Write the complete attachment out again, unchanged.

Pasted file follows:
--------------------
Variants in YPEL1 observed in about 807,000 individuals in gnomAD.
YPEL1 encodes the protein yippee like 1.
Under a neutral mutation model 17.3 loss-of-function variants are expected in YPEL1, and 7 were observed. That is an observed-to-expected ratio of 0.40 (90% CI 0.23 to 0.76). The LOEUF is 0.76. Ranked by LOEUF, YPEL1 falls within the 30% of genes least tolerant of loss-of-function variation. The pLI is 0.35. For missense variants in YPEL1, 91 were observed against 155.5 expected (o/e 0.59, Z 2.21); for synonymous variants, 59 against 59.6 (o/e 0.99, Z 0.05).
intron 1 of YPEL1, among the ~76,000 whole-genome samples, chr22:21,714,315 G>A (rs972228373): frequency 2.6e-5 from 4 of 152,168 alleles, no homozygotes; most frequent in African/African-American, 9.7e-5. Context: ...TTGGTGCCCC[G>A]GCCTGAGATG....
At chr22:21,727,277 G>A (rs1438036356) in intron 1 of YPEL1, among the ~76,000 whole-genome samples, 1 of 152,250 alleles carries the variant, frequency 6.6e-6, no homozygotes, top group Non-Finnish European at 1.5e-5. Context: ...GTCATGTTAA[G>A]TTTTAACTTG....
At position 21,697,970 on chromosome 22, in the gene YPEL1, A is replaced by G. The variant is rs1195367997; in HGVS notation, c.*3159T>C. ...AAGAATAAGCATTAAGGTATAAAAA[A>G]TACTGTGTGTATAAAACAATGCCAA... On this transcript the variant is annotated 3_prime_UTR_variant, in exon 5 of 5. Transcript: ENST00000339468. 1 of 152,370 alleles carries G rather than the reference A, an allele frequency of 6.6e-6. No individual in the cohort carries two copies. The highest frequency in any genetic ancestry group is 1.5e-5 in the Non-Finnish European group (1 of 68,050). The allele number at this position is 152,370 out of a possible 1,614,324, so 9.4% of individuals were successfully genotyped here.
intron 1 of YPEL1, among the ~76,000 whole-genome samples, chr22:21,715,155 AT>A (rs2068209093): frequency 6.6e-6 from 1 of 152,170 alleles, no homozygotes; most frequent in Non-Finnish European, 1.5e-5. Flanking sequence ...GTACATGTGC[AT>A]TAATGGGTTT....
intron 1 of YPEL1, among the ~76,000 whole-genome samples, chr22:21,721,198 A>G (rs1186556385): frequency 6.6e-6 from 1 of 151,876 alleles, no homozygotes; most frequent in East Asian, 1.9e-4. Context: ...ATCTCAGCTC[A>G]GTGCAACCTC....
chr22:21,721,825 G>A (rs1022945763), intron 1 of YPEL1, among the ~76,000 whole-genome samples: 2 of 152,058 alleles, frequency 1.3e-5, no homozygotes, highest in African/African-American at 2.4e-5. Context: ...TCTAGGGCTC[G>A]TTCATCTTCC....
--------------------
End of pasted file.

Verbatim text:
Variants in YPEL1 observed in about 807,000 individuals in gnomAD.
YPEL1 encodes the protein yippee like 1.
Under a neutral mutation model 17.3 loss-of-function variants are expected in YPEL1, and 7 were observed. That is an observed-to-expected ratio of 0.40 (90% CI 0.23 to 0.76). The LOEUF is 0.76. Ranked by LOEUF, YPEL1 falls within the 30% of genes least tolerant of loss-of-function variation. The pLI is 0.35. For missense variants in YPEL1, 91 were observed against 155.5 expected (o/e 0.59, Z 2.21); for synonymous variants, 59 against 59.6 (o/e 0.99, Z 0.05).
intron 1 of YPEL1, among the ~76,000 whole-genome samples, chr22:21,714,315 G>A (rs972228373): frequency 2.6e-5 from 4 of 152,168 alleles, no homozygotes; most frequent in African/African-American, 9.7e-5. Context: ...TTGGTGCCCC[G>A]GCCTGAGATG....
At chr22:21,727,277 G>A (rs1438036356) in intron 1 of YPEL1, among the ~76,000 whole-genome samples, 1 of 152,250 alleles carries the variant, frequency 6.6e-6, no homozygotes, top group Non-Finnish European at 1.5e-5. Context: ...GTCATGTTAA[G>A]TTTTAACTTG....
At position 21,697,970 on chromosome 22, in the gene YPEL1, A is replaced by G. The variant is rs1195367997; in HGVS notation, c.*3159T>C. ...AAGAATAAGCATTAAGGTATAAAAA[A>G]TACTGTGTGTATAAAACAATGCCAA... On this transcript the variant is annotated 3_prime_UTR_variant, in exon 5 of 5. Transcript: ENST00000339468. 1 of 152,370 alleles carries G rather than the reference A, an allele frequency of 6.6e-6. No individual in the cohort carries two copies. The highest frequency in any genetic ancestry group is 1.5e-5 in the Non-Finnish European group (1 of 68,050). The allele number at this position is 152,370 out of a possible 1,614,324, so 9.4% of individuals were successfully genotyped here.
intron 1 of YPEL1, among the ~76,000 whole-genome samples, chr22:21,715,155 AT>A (rs2068209093): frequency 6.6e-6 from 1 of 152,170 alleles, no homozygotes; most frequent in Non-Finnish European, 1.5e-5. Flanking sequence ...GTACATGTGC[AT>A]TAATGGGTTT....
intron 1 of YPEL1, among the ~76,000 whole-genome samples, chr22:21,721,198 A>G (rs1186556385): frequency 6.6e-6 from 1 of 151,876 alleles, no homozygotes; most frequent in East Asian, 1.9e-4. Context: ...ATCTCAGCTC[A>G]GTGCAACCTC....
chr22:21,721,825 G>A (rs1022945763), intron 1 of YPEL1, among the ~76,000 whole-genome samples: 2 of 152,058 alleles, frequency 1.3e-5, no homozygotes, highest in African/African-American at 2.4e-5. Context: ...TCTAGGGCTC[G>A]TTCATCTTCC....